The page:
Another root cause for sub-optimization, I think, can also be found in the misalignment of the MBO's (or personal targets) between top management and middle management. Especially the MBO's defined on middle management can evoke behavior that could lead to sub-optimization. If you give an Inventory Manager a MBO to reduce inventory by 40%, then this manager could be motivated to take measures that potentially damage the ATP check or the customer engagement score due to more frequent stock-outs. The inventory manager is, in that case, sub-optimizing his part of the program, but damaging the over all end-to-end process of Order to Cash.
BPM is all about mindset first and toolset later....much later
Comment
@Caspar ... Sure, many purchase-to-pay processes can be one process.

But no two "cases" for customizing the interior of private jet orders are likely to be the same. And no two homicide investigation cases are the same.

I have issues with the word "Case" - we can have a Case for an insurance claim, or for a homicide investigation, but the term "incident" is more appropriate for a call to a police station advising that a traffic light is out of service.

In medicine, Case typically refers to what used to be for each patient a manila file folder containing routine visit notes .

I think ""customer record" works better than Case for the history of purchases by a customer.

Any better idea for a "run time workspace that hosts process templates, accommodates task execution and auto-builds a history of interventions"?

  1. Caspar Jans
  2. 3 months ago
  3. #5695
I agree with your comments on the usage of the word Case. I typically don't use it, I prefer to use process instance (a term that is often used in process mining), and yes, two cases for the interior of a private jet are not likely to be the same, the order in which the decorator will work often times is 80-90% the same (but obviously this depends on the level of detail you're looking at it from).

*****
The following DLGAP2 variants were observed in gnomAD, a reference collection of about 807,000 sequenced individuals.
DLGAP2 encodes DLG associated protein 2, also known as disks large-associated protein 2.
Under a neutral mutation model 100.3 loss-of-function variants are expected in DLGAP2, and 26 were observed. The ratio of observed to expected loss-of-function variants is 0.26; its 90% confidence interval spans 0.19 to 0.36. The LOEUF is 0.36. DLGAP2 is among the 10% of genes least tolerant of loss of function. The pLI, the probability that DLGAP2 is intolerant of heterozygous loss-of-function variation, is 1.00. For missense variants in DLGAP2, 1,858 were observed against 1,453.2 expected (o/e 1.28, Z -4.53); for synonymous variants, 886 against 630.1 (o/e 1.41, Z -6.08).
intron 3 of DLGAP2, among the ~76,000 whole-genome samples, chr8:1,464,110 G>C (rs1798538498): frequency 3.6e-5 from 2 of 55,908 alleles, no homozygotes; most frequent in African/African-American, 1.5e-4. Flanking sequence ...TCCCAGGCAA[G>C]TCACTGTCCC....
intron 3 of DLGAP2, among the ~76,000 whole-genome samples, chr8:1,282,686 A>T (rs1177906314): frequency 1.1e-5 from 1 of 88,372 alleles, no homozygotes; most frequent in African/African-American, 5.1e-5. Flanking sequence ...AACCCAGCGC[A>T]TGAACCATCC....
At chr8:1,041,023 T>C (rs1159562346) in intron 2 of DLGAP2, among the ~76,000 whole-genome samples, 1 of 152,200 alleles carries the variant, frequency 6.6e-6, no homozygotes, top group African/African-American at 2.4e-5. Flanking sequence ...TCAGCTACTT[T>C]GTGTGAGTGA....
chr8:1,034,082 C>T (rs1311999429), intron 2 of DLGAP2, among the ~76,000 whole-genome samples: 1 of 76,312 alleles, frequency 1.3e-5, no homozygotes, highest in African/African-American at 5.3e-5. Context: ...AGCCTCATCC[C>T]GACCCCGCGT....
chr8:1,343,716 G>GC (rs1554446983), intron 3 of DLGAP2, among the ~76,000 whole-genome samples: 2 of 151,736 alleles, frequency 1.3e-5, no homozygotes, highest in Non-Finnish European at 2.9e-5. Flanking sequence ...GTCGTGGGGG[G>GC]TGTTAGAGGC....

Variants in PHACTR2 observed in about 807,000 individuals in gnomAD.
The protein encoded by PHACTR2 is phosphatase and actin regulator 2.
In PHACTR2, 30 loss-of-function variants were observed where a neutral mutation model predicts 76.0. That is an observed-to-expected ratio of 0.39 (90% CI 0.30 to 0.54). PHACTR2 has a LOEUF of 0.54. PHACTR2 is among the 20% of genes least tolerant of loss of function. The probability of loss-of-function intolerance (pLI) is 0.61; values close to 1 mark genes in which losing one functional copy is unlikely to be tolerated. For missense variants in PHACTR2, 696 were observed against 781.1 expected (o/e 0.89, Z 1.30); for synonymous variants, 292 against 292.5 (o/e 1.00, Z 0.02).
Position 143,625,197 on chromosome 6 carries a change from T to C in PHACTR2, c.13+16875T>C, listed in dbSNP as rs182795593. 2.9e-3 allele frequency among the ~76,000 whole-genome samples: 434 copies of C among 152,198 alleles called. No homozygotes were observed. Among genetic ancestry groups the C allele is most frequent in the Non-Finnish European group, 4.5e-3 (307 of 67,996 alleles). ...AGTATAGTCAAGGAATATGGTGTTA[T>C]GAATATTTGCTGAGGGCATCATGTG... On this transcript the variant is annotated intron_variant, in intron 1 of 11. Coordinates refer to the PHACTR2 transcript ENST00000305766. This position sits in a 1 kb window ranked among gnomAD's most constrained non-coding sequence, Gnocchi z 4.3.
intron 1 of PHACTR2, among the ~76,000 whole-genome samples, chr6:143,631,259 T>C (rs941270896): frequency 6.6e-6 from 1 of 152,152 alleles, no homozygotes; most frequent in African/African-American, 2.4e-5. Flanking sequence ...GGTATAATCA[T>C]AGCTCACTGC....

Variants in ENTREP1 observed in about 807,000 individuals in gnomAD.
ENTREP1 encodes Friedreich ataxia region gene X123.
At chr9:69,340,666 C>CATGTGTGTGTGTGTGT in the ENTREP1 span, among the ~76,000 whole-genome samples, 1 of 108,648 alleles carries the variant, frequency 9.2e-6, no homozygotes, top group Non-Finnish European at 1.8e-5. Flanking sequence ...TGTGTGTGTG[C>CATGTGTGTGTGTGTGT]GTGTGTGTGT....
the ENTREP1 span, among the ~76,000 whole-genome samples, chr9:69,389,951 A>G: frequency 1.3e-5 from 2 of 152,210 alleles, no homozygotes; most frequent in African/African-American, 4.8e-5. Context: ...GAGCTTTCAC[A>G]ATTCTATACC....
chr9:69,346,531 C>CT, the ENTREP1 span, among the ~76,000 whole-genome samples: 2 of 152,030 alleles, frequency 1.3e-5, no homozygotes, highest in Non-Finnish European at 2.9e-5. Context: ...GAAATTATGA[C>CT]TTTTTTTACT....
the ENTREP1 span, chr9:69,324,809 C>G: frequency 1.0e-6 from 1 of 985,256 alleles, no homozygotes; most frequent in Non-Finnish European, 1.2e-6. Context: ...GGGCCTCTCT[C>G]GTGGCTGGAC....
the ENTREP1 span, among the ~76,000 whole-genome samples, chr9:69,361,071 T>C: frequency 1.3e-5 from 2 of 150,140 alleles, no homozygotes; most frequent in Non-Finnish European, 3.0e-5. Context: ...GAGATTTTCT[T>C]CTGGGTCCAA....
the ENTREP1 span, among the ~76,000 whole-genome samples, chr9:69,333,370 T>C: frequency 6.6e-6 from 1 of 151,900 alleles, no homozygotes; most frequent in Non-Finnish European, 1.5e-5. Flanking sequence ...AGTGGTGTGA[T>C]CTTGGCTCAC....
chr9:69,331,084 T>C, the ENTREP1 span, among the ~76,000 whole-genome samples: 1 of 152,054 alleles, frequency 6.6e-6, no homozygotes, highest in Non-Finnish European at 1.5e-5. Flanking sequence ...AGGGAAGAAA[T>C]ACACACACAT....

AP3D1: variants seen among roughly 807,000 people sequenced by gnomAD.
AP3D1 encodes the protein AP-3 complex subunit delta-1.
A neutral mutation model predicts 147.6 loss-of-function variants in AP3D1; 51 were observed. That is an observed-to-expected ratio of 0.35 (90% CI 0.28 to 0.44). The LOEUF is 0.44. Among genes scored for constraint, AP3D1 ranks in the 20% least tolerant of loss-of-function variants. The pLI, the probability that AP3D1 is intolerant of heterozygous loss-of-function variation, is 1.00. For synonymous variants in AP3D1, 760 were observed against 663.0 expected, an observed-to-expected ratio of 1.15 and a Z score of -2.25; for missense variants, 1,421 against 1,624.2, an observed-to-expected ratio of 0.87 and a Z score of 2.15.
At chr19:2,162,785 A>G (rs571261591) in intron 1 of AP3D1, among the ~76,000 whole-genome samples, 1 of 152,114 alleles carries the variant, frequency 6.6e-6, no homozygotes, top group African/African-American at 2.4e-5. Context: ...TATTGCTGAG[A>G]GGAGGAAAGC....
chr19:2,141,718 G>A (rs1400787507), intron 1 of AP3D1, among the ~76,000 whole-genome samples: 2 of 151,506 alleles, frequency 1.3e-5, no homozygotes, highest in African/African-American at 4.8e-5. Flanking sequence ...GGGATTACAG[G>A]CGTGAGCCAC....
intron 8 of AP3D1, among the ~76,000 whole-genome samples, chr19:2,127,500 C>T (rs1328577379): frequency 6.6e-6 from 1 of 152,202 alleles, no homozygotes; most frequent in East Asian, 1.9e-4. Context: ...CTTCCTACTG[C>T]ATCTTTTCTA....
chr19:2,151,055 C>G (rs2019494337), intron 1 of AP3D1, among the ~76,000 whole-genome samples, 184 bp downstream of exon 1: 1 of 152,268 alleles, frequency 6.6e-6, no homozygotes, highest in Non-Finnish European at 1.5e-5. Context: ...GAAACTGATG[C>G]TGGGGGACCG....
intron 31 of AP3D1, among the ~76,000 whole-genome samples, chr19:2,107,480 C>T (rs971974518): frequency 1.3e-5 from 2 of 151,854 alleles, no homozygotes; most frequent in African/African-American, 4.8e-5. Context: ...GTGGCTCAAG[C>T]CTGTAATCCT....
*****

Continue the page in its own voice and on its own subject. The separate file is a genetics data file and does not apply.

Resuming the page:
And for the better term: absolutely, I call it EMS (Enterprise Management System) and this incorporates also process performance measurement and dashboarding if you ask me. For me, an EMS spans the entire spectrum of describing (or modeling if you will) the companies strategy, org structure, product portfolio, E2E landscape, all the way down to the individual SOP's, links to automated process execution (if feasible) and more. If you choose the right tooling to support all this, it can all be connected and aligned. #notadream

The "Adaptive Case Management" folks seem to be happy with "ACM" but that term refers to an approach to the management of work as opposed to the name of a workspace and repository for something that needs a focus.

Clearly, one needs different "entities" if you want an EMS where you are , say, managing manufacturing orders and simultaneously managing employee data.

We did a mockup several years ago of all orbiting satellites that included satellites, launch pads, and launch rockets. Each of these entities had their own RDBMS because of the very different data elements needed per entity. We consolidated data from all three entities to a graphic 3D Kbase so that users could engage free-form searches across the entire space.

You can view a screenshot of the Kbase under "Satellite Inventory" at http://civerex.com/pages/civman.html
  1. more than a month ago
  2. BPM Discussions
  3. # 5
Accepted Answer Pending Moderation
Unfortunately, end-to-end process vision is already sub-optimisation in comparison with an enterprise as a system-of-processes. See ref [1]

Thanks,
AS
References
  1. https://improving-bpm-systems.blogspot.com/2014/03/enterprise-as-system-of-processes.html
Comment
  1. more than a month ago
  2. BPM Discussions
  3. # 6
Accepted Answer Pending Moderation